GAO’s recommendations database contains report recommendations that still need to be addressed. GAO’s priority recommendations are those that we believe warrant priority attention. We sent letters to the heads of key departments and agencies, urging them to continue focusing on these issues. Below you can search only priority recommendations, or search all recommendations.

Our recommendations help congressional and agency leaders prepare for appropriations and oversight activities, as well as help improve government operations. Moreover, when implemented, some of our priority recommendations can save large amounts of money, help Congress make decisions on major issues, and substantially improve or transform major government programs or agencies, among other benefits.

As of April 18, 2018, there are 5,184 open recommendations, of which 465 are priority recommendations. Recommendations remain open until they are designated as Closed-implemented or Closed-not implemented.

Browse or Search Open Recommendations


Have a Question about a Recommendation?

  • For questions about a specific recommendation, contact the person or office listed with the recommendation.
  • For general information about recommendations, contact GAO's Audit Policy and Quality Assurance office at (202) 512-6100 or
« Back to Results List Sort by   


Subject Term: "Aviation security"

1 publication with a total of 1 priority recommendation
Director: Grover, Jennifer A
Phone: (202) 512-7141

1 open priority recommendation
Recommendation: To help ensure that security-related funding is directed to programs that have demonstrated their effectiveness, the Secretary of Homeland Security should direct the TSA Administrator to limit future funding support for the agency's behavior detection activities until TSA can provide scientifically validated evidence that demonstrates that behavioral indicators can be used to identify passengers who may pose a threat to aviation security.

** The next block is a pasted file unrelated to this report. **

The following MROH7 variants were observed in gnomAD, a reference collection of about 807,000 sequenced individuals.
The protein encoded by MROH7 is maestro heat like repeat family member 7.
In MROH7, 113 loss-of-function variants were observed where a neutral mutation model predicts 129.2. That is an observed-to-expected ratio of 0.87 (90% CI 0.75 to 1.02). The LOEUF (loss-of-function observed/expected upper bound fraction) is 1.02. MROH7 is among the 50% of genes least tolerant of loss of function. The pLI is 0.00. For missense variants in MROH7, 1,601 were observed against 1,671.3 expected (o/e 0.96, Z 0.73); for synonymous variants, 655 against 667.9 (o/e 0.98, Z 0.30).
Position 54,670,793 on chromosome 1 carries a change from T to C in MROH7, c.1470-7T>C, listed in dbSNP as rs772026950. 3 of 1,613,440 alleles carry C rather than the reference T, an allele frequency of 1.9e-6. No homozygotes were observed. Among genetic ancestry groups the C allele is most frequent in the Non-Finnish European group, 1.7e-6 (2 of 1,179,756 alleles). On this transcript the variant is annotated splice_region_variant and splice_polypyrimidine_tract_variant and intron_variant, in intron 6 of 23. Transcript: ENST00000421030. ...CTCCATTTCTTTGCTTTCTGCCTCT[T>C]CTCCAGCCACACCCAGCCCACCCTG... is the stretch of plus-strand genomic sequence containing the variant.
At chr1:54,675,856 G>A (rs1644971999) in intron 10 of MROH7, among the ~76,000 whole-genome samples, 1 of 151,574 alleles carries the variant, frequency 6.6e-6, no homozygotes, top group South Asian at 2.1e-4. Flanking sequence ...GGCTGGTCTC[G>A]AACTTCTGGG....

Agency: Department of Homeland Security
Status: Open
Priority recommendation

Comments: DHS did not concur with this recommendation, but has subsequently taken steps to address it. For example, TSA reduced the number of Behavior Detection Officers (BDO) from 3,131 full-time equivalents (FTE) in fiscal years 2013 through 2015 to 2,600 BDO FTEs in fiscal year 2016 and has reduced funding for its behavior detection activities since 2013. In fiscal year 2017, TSA eliminated the standalone BDO position and began integrating BDOs and behavior detection activities into the standard duties of its transportation security officer (TSO) position. According to TSA, this adjustment resulted in $196 million in funding becoming available to support increased passenger volume at TSA's checkpoints. TSA also revised its list of behavior indicators from 94 to 36. In July 2017, however, GAO found that only 8 of the 36 revised indicators were supported by valid evidence-- which includes original research that meets generally accepted research standards and presents evidence that is applicable in supporting TSA's use of specific behavioral indicators--demonstrating the use of the indicators to identify passengers who pose a threat to aviation security. As a result, GAO reported that TSA should continue to limit funding for behavior detection activities until the agency can provide valid evidence demonstrating that behavioral indicators can be used to identify potentially high-risk passengers. GAO has ongoing work to monitor and review TSA's behavior detection activities.